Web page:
The COVID-19 economic crisis exposes the flaws and fault lines in the U.S. retirement system. Millions of older workers forced out of work not only stopped contributing to retirement plans, but had to raid their retirement savings to make ends meet. For those who kept their jobs, many saw their employers halt matching 401(k) contributions. Millions of those deemed essential workers continue laboring without any retirement plans at all.
If we do nothing to fix our retirement system, 43 million people now in their fifties and early sixties will be poor or near-poor elders, owing to both the recession and to inadequate retirement plans.1 Widespread retirement insecurity weakens older workers’ bargaining power. Without a solid fallback plan, older workers must accept whatever wages are offered.
The retirement crisis did not begin with the COVID-19 pandemic. Even in normal times, millions of older workers face a choice between earning insufficient wages under bad working conditions or retiring without adequate income. Since half of workers fall into retirement involuntarily (Chart 6), retiring without adequate savings is not their choice.
The reality is that employers and market conditions often determine the desirability of older workers. This differs from the idealized vision of work at older ages, which includes seniority in the workplace, control over hours and pace of work, and a dignified retirement. These are benefits available only to a privileged upper class of older workers.
This chartbook is a resource for workers, employers, media, policymakers, scholars, and the broader public, to answer questions about the state of older working America and retirement income security. Like the Economic Policy Institute’s (EPI) 2019 publication “The State of American Retirement Savings,” we delve into the insufficiency and inequality in retirement savings. This chartbook complements EPI’s analysis by additionally exploring older workers’ challenges in the labor market. It also provides insights into older workers’ economic vulnerability, such as their increasingly fragile finances (Chart 4).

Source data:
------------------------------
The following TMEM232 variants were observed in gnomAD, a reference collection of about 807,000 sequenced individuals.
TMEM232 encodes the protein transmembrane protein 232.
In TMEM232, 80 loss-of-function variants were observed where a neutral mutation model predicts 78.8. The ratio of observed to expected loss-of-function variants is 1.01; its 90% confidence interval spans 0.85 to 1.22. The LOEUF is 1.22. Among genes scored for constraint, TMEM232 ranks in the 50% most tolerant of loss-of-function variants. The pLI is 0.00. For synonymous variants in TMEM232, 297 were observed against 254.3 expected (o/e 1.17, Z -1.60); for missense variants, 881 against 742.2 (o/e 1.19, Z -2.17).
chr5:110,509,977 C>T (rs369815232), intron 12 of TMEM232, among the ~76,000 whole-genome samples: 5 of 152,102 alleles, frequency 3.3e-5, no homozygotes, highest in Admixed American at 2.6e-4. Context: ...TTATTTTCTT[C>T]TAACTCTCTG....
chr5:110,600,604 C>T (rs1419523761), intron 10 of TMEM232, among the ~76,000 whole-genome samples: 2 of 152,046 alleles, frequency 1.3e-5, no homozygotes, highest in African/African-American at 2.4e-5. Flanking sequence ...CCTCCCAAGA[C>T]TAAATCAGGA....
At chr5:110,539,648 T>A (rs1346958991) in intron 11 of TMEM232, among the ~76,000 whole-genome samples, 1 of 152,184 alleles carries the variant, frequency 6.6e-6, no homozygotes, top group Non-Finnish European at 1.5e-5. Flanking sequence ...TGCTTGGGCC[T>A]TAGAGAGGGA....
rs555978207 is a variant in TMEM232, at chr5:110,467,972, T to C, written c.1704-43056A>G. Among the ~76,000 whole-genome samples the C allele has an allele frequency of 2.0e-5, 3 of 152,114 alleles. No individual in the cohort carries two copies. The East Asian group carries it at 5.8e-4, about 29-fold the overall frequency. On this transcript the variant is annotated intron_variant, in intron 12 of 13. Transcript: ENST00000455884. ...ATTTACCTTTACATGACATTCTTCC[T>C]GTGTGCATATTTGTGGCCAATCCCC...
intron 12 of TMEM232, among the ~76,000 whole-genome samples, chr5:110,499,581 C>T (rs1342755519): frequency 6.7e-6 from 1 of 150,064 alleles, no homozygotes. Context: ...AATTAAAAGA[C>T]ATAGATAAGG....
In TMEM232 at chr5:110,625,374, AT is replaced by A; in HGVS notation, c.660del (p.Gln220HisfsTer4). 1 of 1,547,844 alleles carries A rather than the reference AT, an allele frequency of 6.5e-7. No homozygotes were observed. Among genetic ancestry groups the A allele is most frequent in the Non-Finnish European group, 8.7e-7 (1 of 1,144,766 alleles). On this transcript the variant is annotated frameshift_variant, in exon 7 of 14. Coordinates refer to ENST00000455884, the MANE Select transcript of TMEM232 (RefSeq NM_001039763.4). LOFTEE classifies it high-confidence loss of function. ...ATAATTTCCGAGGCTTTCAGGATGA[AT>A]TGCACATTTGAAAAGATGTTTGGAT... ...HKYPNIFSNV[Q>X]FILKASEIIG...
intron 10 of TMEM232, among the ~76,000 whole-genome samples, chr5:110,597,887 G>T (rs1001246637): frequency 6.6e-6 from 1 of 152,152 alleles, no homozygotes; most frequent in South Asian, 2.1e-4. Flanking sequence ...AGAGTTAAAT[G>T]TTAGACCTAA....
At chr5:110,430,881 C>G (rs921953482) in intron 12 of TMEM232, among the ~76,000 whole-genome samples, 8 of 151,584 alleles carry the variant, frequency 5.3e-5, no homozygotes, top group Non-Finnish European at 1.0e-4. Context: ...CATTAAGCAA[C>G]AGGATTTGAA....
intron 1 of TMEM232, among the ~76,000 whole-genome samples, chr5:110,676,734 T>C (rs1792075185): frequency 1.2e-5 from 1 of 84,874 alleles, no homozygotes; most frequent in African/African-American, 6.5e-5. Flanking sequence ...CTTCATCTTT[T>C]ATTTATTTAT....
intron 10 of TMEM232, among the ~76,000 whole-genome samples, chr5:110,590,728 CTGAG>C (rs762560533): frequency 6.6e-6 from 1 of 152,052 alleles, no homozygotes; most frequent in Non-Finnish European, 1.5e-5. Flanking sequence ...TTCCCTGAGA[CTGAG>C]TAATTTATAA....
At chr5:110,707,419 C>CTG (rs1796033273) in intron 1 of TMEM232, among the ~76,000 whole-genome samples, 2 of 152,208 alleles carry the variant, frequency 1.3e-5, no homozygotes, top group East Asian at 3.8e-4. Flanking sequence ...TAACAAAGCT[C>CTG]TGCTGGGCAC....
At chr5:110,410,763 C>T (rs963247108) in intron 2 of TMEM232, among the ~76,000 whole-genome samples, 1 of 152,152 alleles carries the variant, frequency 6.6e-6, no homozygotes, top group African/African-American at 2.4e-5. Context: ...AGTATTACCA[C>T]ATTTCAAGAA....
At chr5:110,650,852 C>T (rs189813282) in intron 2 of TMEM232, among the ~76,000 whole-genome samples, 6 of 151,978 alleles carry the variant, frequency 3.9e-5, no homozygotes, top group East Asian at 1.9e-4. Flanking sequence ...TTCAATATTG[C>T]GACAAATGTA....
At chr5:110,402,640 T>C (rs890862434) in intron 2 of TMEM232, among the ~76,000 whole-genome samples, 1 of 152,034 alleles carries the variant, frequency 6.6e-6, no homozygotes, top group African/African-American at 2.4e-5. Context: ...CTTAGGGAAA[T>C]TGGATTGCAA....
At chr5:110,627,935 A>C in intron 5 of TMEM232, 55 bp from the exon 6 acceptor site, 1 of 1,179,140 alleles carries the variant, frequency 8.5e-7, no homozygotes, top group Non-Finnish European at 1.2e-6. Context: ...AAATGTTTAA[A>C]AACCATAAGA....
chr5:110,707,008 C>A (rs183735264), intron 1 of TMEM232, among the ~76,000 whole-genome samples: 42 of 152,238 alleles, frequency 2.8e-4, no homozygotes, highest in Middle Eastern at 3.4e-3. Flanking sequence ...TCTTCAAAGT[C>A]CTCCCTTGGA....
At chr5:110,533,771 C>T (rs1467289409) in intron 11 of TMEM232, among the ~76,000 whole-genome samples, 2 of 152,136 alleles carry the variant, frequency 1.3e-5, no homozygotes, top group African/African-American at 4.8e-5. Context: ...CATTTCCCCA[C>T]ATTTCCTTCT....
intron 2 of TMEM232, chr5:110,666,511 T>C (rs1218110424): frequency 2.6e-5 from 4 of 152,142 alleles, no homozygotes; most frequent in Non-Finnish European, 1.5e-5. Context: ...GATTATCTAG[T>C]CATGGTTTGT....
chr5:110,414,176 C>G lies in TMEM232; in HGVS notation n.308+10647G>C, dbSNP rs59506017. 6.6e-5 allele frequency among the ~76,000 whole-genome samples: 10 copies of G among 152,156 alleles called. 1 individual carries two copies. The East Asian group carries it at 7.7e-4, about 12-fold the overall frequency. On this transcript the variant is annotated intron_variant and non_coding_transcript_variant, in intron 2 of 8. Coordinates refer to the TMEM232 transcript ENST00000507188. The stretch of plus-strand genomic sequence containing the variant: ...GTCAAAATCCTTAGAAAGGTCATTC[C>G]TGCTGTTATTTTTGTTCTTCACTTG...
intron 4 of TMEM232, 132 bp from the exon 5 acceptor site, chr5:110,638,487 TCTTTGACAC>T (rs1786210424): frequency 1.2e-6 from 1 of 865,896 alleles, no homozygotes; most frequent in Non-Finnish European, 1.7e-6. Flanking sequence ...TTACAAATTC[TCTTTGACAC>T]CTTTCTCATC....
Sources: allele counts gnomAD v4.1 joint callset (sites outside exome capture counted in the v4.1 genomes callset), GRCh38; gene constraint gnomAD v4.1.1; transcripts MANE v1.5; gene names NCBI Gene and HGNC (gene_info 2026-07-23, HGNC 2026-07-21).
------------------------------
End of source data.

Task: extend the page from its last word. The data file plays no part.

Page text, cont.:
This chartbook connects retirement insecurity to older workers’ basic labor market realities, revealing a central point: secure retirement income boosts older workers’ bargaining power, which leads to better wages, hours, and working conditions. Access to quality retirement savings plans improve older workers’ jobs.
The retirement crisis reflects systemic problems that require systemic solutions. Assigning blame to individuals for saving too little ignores the reality that many older workers are vulnerable because of flaws in the retirement system and imbalances in bargaining power between workers and employers. Addressing the retirement crisis means acknowledging these underlying realities.
Download the full chartbook here.
Retirement Crisis | What is the current state of American retirement security?
12 Million Of The 29 Million Middle-Class Older Workers Will Be Downwardly Mobile In Retirement
Americans Work Longer And Die Earlier Than Elders In Other Advanced Countries
In the U.S., retirement time has failed to keep up with our peer nations. For countries in the G7 group excluding the U.S. (Germany, France, U.K., Canada, Japan and Italy), estimated time between retirement and death for men rose about 75 percent, compared to roughly 50 percent for male elders in the United States. For women, the disparity is greater in absolute terms, with a four-year gap in retirement time opening up since the early 2000s.